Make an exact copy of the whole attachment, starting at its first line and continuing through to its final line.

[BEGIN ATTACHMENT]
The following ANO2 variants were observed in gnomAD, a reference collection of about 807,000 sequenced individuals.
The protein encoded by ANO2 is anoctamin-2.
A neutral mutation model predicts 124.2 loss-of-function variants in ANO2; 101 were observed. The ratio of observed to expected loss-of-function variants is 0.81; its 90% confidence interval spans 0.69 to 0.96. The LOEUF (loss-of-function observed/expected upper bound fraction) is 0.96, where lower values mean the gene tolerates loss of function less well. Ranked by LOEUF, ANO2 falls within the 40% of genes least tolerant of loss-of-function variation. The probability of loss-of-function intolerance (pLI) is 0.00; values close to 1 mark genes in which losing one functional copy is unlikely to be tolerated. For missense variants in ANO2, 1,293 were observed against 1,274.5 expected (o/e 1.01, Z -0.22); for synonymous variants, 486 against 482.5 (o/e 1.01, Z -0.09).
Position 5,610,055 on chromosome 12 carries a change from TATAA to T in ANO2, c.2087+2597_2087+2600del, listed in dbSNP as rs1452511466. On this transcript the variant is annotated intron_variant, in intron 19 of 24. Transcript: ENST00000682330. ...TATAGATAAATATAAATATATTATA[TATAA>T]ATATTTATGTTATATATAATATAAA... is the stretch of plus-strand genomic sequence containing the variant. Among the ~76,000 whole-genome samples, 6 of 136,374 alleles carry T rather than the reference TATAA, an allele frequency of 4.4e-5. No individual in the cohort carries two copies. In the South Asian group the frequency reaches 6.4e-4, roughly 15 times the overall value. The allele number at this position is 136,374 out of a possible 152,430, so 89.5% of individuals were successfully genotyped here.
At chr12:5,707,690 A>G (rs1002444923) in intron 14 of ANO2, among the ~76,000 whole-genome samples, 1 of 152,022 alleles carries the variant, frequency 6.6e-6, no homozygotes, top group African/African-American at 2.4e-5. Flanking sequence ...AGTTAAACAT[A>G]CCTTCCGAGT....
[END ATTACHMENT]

The following ANO2 variants were observed in gnomAD, a reference collection of about 807,000 sequenced individuals.
The protein encoded by ANO2 is anoctamin-2.
A neutral mutation model predicts 124.2 loss-of-function variants in ANO2; 101 were observed. The ratio of observed to expected loss-of-function variants is 0.81; its 90% confidence interval spans 0.69 to 0.96. The LOEUF (loss-of-function observed/expected upper bound fraction) is 0.96, where lower values mean the gene tolerates loss of function less well. Ranked by LOEUF, ANO2 falls within the 40% of genes least tolerant of loss-of-function variation. The probability of loss-of-function intolerance (pLI) is 0.00; values close to 1 mark genes in which losing one functional copy is unlikely to be tolerated. For missense variants in ANO2, 1,293 were observed against 1,274.5 expected (o/e 1.01, Z -0.22); for synonymous variants, 486 against 482.5 (o/e 1.01, Z -0.09).
Position 5,610,055 on chromosome 12 carries a change from TATAA to T in ANO2, c.2087+2597_2087+2600del, listed in dbSNP as rs1452511466. On this transcript the variant is annotated intron_variant, in intron 19 of 24. Transcript: ENST00000682330. ...TATAGATAAATATAAATATATTATA[TATAA>T]ATATTTATGTTATATATAATATAAA... is the stretch of plus-strand genomic sequence containing the variant. Among the ~76,000 whole-genome samples, 6 of 136,374 alleles carry T rather than the reference TATAA, an allele frequency of 4.4e-5. No individual in the cohort carries two copies. In the South Asian group the frequency reaches 6.4e-4, roughly 15 times the overall value. The allele number at this position is 136,374 out of a possible 152,430, so 89.5% of individuals were successfully genotyped here.
At chr12:5,707,690 A>G (rs1002444923) in intron 14 of ANO2, among the ~76,000 whole-genome samples, 1 of 152,022 alleles carries the variant, frequency 6.6e-6, no homozygotes, top group African/African-American at 2.4e-5. Flanking sequence ...AGTTAAACAT[A>G]CCTTCCGAGT....